Author Topic: how 'perfect' is the surface of your dough when it comes out of the fridge?  (Read 2386 times)

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Offline youonlylivetwice

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I use a fairly high hydration, around 63.5%, and generally let it go 3-4 days in the fridge.  The problem I seem to be having more recently is that it has expanded such that it is really not a ball anymore when I pull it out of the fridge.  It has relaxed and in trying to get it out of the bowl I really mess up the surface of the dough.  It is apparent on stretching and cooking where I badly distorted the dough.  I think a lower hydration would help, but that seems like going the wrong direction on one thing to fix another.  Should the dough be doubling in size in the fridge?  or do most of you see a lot less expansion in the fridge, and more in the last hour or two as it warms before being baked?
thanks for any ideas!

Offline Pete-zza

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I don't know what specific NY dough formulation you are using, but your experience seems quite typical for a high-hydration NY style dough.

I often carefully observe my NY style doughs during their complete lifespan up to the point of use in order to detect patterns that might help me in future efforts, or simply to be able to learn enough to be able to answer questions like yours.

Depending on the formulation itself (mainly the amount of yeast) and the finished dough temperature, it is common to expect some rise in the dough after being placed in the refrigerator. Since it takes about a half hour for the yeast to start working, and since the dough often is placed in the refrigerator right after the dough has been made, you will usually not see a significant rise, if any, within the first hour or so. It will be like watching paint dry. Depending mainly on the amount of yeast used and the dough's temperature while in the refrigerator, the dough will often then noticeably increase in volume. After the passage of sufficient time, and certainly 3-4 days would qualify as "sufficient", the dough will often then flatten out, and especially if it is in an unbounded container such as a zip-type storage bag. It is also likely that the dough will become wet and a bit sticky. The reason these things happen is because the enzymes in the flour/dough, mainly protease enzymes, attack the gluten and relax and soften it. Water is also often released, creating some wetness in the dough. I might add that the higher the hydration the greater these effects, because high hydration doughs ferment faster.  At this juncture, handling the dough, including the simple step of removing the dough from its container, can become a problem. And, as you noted, some of the imperfections you introduce at this point can carry through to the finished skin.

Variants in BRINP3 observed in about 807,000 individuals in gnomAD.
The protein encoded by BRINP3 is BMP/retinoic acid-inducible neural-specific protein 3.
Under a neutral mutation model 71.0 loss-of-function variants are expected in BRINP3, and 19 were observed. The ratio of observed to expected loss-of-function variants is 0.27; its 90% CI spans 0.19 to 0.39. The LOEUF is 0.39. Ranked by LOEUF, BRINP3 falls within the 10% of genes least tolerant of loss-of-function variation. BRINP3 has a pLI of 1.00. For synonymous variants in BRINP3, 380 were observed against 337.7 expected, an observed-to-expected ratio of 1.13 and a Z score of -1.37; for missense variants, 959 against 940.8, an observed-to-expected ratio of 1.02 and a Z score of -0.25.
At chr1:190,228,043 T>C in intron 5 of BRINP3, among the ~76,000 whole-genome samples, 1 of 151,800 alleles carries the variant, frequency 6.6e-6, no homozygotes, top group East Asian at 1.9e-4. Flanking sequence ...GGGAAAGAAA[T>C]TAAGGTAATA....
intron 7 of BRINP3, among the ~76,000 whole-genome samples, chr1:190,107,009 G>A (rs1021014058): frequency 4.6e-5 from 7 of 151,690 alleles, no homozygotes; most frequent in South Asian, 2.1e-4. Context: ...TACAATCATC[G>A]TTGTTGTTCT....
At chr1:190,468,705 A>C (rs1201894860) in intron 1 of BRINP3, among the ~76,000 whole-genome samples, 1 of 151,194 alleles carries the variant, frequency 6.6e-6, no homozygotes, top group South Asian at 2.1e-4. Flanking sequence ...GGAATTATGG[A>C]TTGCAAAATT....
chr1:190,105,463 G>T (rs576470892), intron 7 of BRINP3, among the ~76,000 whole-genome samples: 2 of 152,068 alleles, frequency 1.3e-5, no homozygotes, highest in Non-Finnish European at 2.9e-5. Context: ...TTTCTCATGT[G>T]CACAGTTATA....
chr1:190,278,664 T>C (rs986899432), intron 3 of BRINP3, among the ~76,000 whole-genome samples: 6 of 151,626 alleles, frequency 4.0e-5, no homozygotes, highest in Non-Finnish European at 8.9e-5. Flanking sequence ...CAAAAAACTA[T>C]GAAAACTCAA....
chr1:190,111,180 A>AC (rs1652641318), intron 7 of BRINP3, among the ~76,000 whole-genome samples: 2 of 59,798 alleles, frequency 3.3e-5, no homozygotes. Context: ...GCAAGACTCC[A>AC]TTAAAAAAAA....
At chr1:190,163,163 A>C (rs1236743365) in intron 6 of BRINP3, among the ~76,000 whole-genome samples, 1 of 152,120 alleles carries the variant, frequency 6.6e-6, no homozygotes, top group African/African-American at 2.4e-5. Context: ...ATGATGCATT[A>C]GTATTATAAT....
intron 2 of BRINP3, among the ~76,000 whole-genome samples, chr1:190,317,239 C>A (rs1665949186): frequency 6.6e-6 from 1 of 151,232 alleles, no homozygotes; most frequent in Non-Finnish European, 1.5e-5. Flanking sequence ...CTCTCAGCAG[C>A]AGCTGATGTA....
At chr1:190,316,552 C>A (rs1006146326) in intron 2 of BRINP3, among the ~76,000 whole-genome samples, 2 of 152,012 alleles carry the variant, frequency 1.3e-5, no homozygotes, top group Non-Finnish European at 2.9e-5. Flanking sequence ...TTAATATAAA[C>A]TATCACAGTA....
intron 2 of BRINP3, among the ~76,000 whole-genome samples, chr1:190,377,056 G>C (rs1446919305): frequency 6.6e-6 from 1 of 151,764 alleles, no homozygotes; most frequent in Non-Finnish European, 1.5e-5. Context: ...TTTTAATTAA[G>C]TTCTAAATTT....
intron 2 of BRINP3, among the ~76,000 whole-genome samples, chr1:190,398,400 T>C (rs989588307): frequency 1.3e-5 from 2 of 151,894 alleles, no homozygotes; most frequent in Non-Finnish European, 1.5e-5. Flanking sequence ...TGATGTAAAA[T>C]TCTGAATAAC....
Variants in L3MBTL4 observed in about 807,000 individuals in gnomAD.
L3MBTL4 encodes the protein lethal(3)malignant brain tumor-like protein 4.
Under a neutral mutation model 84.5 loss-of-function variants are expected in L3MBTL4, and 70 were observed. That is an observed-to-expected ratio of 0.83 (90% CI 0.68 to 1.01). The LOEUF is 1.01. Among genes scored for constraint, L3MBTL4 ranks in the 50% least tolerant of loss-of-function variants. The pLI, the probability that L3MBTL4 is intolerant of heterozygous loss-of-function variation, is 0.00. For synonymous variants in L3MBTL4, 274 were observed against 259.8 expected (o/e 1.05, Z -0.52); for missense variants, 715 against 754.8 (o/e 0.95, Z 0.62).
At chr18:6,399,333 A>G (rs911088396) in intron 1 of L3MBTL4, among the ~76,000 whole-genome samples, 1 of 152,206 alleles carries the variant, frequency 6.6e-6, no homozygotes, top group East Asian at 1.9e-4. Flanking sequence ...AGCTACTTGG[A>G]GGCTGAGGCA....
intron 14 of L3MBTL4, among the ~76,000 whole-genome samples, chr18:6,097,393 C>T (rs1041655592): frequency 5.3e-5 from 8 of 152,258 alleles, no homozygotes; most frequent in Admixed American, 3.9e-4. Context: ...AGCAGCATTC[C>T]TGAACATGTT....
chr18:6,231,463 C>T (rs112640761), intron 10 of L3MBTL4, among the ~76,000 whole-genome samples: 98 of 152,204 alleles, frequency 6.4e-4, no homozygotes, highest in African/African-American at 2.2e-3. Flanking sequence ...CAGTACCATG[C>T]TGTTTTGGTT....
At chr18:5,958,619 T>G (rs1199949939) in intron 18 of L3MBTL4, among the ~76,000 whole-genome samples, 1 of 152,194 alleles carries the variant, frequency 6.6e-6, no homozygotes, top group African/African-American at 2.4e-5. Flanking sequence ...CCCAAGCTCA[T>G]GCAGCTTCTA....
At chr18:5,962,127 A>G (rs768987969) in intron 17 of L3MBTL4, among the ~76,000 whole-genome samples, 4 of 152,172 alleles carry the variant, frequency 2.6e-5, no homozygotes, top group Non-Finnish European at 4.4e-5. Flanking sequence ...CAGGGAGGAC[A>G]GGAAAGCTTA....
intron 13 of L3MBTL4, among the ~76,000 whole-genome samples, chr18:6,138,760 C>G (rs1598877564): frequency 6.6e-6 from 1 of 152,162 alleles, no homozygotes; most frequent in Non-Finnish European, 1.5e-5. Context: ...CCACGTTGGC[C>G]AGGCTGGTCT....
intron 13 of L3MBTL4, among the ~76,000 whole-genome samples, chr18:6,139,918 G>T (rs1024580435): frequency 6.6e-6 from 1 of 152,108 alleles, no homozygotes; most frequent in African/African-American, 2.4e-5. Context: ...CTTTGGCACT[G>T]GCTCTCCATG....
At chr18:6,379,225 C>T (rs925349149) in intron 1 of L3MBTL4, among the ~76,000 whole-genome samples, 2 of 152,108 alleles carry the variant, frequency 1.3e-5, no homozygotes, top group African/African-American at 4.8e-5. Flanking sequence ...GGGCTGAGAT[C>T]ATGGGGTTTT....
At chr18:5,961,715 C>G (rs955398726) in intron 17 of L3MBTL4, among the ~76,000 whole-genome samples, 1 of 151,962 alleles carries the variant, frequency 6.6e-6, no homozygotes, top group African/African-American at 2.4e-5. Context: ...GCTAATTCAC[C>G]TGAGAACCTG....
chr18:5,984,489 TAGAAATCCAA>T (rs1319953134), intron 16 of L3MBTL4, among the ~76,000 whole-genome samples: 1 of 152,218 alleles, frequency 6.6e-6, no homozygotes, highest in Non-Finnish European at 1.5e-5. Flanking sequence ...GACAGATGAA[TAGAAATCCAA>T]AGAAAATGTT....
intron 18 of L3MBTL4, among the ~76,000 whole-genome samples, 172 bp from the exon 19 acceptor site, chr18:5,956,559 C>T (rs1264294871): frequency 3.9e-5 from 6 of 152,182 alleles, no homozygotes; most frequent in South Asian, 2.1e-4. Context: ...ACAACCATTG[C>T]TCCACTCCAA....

In terms of the amount of dough expansion you can reasonably expect, doubling or otherwise, will largely be dictated by the amount of yeast used and the temperature of the dough at its different stages. I have made what seemed to me to be identical doughs yet got different results in terms of dough expansion. Dough will behave differently at different times of year and water (tap) temperatures and refrigerator temperatures will vary seasonally. I have had winter doughs rise hardly at all while in the refrigerator yet produce very good results. But, on average, my doughs tend to increase by about 1 1/2 to to 2 times. Sometimes it is hard to tell because the dough will first rise and then flatten out, as discussed above. In almost all cases, the doughs behave similarly and end up at about the same point when they have been allowed to warm up in preparation for shaping, stretching, etc. It may take longer in winter than in summer, but that is what the laws of thermodynamics say should happen. I sometimes use a thermometer to check the dough temperature and use the dough when it gets to the desired temperature.